Please don't feel you have to give in to her overwhelming demands as you need a bit of space yourself as you are not super mum.  If she is with Daddy but cries for you, walk out the room and leave her with Daddy saying something like "Daddy loves you very much and he wants to share you with me so I will be back later as it is Daddy's turn to hug his special girl."  When she screams or cries when you are on the phone, walk in to another room to talk.  If she follows you, sit down and pull her on to your lap.  If she still cries and shrieks and tries to pull the phone out of your hands, I would buy a playpen for future situations like this and put her in it and then go out of the room and finish your call.  I found the playpen invaluable for situations like this.  Of course, always hug her afterwards and tell her you love her but sometimes Mummy needs to talk to people on the phone and needs quiet to listen so you thought that kitten would like to play with some of her toys in the playpen because they were feeling lonely and sad and needed a lovely hug and now Mummy and kitten are having a lovely hug as well.

I wouldn't show her the fc files.  Keep them away from her for now.  As someone else said, they don't understand their life story stuff aged 2.  As she is used to leafing through the files, I would copy a couple of the sheets and let her "play" with them in a file.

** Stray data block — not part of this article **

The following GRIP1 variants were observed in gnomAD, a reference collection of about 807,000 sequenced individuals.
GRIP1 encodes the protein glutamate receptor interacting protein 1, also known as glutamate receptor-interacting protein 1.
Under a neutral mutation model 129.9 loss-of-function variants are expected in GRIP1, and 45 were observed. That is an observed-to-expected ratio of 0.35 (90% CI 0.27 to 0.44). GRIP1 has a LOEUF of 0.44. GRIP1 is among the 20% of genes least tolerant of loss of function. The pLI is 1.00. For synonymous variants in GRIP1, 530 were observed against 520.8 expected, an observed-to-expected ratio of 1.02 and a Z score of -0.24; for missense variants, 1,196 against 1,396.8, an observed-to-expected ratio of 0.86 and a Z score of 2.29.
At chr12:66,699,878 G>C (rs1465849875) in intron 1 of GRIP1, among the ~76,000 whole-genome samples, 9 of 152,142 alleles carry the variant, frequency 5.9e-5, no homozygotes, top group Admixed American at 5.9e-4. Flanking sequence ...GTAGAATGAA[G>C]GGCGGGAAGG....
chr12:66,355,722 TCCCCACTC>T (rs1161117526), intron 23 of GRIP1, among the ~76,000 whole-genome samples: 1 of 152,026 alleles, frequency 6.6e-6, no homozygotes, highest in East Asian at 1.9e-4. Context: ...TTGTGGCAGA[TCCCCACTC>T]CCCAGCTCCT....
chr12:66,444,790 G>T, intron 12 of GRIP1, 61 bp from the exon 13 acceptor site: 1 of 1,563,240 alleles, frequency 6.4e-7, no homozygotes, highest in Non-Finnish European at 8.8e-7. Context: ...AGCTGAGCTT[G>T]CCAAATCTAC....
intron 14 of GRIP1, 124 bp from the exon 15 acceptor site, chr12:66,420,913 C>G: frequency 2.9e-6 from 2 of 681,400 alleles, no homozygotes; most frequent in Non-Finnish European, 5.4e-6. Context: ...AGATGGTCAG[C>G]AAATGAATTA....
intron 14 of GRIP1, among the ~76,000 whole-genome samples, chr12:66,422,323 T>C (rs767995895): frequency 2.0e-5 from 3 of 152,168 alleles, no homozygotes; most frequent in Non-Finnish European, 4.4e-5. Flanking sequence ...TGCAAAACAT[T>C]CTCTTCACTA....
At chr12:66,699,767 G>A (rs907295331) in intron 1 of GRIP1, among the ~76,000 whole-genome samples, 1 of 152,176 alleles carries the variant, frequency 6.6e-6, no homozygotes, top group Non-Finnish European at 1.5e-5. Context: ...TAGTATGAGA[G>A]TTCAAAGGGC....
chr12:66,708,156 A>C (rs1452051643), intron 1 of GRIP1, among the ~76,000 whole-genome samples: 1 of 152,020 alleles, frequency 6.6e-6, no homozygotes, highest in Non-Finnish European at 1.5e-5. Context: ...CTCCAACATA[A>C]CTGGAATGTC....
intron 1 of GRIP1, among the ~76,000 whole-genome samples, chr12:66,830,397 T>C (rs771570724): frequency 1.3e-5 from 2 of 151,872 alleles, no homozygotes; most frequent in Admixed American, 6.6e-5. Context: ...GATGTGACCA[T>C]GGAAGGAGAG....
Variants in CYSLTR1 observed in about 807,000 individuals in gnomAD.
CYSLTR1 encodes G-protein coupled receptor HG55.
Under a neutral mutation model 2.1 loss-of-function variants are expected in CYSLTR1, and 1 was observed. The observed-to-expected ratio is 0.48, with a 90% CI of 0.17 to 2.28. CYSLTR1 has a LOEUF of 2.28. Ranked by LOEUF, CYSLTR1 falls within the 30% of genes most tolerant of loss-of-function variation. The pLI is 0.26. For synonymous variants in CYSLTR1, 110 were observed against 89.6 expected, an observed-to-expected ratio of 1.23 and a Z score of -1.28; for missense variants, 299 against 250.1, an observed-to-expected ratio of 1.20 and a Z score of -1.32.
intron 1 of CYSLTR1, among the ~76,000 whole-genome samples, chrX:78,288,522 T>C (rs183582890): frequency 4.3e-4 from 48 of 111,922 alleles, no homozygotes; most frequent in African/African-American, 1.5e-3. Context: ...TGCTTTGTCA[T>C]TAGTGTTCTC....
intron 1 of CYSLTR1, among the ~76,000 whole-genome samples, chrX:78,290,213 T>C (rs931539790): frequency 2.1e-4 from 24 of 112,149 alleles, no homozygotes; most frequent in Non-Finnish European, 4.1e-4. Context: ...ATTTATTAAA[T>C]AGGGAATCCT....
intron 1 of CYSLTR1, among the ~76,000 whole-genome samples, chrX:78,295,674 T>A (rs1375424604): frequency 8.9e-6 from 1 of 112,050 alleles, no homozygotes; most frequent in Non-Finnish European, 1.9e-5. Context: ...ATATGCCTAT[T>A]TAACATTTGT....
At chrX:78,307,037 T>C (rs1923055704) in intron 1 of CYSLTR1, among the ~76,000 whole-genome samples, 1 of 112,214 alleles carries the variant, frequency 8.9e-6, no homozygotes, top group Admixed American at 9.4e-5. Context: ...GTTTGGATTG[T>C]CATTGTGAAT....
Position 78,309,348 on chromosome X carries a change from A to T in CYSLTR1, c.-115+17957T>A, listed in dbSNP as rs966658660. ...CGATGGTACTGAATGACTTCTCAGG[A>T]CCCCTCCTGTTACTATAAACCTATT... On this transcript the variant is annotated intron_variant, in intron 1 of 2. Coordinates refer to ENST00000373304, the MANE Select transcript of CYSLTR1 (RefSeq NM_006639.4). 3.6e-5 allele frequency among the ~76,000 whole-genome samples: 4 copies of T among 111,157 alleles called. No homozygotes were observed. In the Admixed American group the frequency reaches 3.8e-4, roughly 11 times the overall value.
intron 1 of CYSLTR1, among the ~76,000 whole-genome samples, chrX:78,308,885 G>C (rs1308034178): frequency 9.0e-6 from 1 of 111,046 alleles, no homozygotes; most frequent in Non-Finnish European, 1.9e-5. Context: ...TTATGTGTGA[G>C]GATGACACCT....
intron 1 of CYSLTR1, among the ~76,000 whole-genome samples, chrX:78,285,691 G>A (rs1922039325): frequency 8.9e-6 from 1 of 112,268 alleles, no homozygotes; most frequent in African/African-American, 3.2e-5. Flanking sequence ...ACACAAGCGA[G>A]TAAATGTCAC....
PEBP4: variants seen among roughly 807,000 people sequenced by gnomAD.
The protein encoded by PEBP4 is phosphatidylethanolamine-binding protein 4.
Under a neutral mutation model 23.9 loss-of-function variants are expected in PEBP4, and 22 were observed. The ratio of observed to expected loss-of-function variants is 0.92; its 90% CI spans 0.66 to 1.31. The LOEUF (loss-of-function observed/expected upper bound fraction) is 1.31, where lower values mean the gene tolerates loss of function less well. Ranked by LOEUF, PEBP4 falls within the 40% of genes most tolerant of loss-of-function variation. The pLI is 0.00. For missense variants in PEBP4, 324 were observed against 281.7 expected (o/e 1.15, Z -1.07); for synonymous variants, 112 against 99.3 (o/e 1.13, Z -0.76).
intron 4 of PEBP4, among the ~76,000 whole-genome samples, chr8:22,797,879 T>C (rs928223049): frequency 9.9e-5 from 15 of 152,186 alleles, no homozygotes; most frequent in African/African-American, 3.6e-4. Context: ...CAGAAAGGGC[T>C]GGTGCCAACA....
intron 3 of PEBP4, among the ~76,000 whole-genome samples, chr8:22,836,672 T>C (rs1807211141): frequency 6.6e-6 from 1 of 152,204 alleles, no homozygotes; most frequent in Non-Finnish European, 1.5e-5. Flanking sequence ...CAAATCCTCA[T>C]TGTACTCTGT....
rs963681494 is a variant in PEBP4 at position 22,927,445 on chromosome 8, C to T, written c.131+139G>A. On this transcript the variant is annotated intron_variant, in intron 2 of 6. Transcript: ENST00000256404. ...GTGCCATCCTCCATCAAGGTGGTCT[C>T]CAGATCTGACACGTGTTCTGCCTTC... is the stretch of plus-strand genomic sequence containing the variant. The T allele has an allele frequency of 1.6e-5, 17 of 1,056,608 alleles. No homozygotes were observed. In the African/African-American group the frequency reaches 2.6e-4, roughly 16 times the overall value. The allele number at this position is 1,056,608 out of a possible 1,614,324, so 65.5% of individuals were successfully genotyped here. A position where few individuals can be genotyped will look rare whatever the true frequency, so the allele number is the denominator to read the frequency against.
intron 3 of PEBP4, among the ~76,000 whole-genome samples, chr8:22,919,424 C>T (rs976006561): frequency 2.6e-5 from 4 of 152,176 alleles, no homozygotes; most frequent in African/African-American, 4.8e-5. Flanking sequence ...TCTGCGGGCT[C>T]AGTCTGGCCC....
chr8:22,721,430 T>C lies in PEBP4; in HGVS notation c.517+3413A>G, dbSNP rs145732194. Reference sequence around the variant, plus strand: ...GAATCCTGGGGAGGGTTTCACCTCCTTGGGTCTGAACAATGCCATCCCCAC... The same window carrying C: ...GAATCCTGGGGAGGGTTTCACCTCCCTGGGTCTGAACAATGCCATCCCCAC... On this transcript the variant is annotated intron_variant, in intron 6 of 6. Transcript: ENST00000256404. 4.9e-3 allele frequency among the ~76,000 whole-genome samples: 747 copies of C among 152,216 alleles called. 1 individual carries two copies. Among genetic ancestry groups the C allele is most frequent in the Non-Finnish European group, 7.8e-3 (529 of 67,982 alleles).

My son is only just grasping  his life story a bit and he is 4.  He still finds it hard to understand that he did not grow in my tummy and only yesterday asked where were his photos of when he was a little baby.  We only have the odd one or two that fc gave us, despite her having him from day 2 but they are not on view as they are in his life story book and I don't like to remove them.  Keep meaning to get them copied and put them out but they give me a pang when I look at them as I missed seeing him at this age and I feel sad about that. 

Hope I have helped a little .....  ^hugme^ again